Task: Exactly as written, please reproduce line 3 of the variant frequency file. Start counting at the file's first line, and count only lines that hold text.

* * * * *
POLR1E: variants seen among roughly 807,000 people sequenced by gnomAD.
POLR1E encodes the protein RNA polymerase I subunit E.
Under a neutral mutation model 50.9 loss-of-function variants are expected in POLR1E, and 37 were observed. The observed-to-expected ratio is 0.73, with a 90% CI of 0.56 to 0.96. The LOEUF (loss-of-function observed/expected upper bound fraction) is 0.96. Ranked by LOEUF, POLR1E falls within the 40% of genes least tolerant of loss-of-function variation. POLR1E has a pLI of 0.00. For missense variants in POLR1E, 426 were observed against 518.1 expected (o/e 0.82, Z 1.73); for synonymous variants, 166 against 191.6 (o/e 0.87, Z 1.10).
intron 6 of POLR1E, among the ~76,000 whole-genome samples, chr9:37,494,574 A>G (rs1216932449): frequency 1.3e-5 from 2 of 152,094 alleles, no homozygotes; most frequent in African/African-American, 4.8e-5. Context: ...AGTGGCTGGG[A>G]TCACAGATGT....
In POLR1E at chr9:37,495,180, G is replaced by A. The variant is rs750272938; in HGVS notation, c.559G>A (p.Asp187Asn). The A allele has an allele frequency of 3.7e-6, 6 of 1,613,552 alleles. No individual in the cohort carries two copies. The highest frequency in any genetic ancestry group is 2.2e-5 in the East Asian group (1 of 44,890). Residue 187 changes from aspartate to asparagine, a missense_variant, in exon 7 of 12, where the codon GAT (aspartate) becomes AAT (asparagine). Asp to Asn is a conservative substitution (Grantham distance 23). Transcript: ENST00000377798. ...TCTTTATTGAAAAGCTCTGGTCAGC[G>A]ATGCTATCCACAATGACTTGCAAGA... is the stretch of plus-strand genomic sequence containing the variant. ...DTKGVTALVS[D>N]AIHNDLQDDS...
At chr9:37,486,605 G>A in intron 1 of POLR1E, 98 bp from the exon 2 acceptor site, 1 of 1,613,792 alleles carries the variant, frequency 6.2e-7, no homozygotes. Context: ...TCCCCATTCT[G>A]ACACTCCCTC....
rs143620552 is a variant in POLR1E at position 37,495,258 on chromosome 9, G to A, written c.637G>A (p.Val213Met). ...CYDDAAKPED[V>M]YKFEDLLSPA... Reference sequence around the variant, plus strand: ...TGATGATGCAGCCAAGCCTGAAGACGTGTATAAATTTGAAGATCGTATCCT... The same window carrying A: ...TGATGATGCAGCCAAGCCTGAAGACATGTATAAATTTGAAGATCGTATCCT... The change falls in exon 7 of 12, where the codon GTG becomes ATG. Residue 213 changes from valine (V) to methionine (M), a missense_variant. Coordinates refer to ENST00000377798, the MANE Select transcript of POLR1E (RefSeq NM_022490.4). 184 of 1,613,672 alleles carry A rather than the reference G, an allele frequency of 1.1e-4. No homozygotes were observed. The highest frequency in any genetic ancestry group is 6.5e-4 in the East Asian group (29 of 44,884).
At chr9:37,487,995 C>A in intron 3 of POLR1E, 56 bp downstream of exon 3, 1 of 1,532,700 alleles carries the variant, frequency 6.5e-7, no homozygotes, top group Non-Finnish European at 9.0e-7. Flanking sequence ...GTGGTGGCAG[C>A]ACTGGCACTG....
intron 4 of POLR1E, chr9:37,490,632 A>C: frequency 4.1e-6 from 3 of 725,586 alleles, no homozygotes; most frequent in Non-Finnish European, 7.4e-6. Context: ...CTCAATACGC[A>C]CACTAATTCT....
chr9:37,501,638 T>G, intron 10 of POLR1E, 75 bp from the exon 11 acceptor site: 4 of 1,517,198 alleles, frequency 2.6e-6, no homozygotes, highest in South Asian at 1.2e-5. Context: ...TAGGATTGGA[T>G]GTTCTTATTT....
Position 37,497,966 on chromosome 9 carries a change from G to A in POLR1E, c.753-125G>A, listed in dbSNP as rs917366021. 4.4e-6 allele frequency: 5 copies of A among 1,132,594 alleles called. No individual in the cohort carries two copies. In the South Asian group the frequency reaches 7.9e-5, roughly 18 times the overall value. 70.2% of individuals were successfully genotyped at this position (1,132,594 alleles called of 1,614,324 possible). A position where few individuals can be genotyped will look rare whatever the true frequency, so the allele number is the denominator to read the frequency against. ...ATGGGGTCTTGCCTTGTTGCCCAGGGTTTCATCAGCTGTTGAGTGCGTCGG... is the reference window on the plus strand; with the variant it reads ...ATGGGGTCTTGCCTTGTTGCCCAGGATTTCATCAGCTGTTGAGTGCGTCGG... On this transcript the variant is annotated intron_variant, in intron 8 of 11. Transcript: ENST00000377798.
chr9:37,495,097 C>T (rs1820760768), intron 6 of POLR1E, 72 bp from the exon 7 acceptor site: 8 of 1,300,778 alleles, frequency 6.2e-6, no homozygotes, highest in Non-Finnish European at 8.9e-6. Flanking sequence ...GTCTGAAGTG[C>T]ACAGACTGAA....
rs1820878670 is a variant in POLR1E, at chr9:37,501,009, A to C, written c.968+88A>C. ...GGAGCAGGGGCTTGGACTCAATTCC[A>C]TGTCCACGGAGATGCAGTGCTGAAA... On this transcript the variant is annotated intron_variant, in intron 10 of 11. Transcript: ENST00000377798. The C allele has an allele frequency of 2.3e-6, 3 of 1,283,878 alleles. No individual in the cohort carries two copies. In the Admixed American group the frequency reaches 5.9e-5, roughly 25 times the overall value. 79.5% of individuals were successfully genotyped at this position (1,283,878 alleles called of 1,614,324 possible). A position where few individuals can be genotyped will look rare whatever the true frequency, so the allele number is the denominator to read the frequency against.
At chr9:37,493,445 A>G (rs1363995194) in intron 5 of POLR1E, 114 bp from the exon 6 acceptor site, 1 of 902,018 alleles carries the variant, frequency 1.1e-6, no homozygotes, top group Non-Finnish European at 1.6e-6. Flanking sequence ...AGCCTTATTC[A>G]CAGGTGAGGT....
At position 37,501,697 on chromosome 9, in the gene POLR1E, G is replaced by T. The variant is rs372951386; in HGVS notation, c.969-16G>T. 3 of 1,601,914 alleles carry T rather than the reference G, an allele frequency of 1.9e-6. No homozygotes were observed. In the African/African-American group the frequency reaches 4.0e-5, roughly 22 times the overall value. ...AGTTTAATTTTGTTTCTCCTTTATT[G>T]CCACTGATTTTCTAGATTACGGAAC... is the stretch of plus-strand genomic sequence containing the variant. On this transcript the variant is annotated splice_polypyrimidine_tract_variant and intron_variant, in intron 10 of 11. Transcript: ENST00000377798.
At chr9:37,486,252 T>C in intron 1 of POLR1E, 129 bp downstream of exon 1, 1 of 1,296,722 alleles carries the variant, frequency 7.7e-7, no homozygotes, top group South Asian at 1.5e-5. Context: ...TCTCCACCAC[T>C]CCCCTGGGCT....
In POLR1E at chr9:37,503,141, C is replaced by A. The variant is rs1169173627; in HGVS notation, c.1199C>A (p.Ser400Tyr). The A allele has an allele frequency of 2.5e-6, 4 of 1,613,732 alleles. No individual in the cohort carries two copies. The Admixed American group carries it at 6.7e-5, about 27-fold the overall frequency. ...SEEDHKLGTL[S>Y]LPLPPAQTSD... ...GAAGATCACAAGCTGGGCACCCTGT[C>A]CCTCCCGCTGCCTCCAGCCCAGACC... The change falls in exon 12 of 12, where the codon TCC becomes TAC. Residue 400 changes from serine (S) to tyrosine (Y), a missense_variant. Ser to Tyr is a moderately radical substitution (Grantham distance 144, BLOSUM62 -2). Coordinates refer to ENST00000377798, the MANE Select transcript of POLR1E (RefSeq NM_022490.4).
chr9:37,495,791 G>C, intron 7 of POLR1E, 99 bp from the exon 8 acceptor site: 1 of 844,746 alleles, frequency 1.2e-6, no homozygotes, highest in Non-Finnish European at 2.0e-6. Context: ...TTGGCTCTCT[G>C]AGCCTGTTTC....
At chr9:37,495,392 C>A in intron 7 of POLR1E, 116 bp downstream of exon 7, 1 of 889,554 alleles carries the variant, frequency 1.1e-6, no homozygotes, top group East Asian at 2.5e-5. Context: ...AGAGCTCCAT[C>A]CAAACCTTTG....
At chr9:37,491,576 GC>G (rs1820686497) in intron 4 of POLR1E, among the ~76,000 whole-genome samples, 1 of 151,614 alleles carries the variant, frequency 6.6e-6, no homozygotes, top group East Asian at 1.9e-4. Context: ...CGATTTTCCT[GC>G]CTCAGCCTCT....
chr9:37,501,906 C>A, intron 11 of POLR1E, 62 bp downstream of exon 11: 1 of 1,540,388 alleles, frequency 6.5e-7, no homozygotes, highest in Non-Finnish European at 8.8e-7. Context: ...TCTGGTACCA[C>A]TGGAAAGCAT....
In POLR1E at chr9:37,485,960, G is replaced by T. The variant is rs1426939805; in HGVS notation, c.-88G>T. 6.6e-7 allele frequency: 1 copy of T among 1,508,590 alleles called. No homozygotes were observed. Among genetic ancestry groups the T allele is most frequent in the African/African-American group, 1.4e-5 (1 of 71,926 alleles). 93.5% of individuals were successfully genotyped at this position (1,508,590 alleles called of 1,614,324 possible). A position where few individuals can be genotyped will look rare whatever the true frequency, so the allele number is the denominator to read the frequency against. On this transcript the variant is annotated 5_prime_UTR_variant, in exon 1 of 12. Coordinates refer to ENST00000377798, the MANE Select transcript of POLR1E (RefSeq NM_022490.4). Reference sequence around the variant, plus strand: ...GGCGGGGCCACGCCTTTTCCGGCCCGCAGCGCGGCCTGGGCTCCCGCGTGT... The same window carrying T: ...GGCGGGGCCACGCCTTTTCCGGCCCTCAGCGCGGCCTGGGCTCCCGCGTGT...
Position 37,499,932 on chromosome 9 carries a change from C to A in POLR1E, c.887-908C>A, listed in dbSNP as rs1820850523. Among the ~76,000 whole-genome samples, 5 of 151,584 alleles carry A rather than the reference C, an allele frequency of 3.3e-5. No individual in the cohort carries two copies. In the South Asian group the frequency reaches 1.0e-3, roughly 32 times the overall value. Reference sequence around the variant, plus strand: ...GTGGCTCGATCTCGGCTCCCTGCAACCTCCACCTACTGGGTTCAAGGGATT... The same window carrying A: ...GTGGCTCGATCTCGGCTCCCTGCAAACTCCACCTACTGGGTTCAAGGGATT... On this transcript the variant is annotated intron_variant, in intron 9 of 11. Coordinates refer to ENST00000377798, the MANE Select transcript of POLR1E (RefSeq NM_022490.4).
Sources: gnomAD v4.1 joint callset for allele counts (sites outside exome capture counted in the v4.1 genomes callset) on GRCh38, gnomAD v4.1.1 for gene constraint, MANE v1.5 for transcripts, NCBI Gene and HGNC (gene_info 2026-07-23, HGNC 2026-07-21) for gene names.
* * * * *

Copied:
Under a neutral mutation model 50.9 loss-of-function variants are expected in POLR1E, and 37 were observed. The observed-to-expected ratio is 0.73, with a 90% CI of 0.56 to 0.96. The LOEUF (loss-of-function observed/expected upper bound fraction) is 0.96. Ranked by LOEUF, POLR1E falls within the 40% of genes least tolerant of loss-of-function variation. POLR1E has a pLI of 0.00. For missense variants in POLR1E, 426 were observed against 518.1 expected (o/e 0.82, Z 1.73); for synonymous variants, 166 against 191.6 (o/e 0.87, Z 1.10).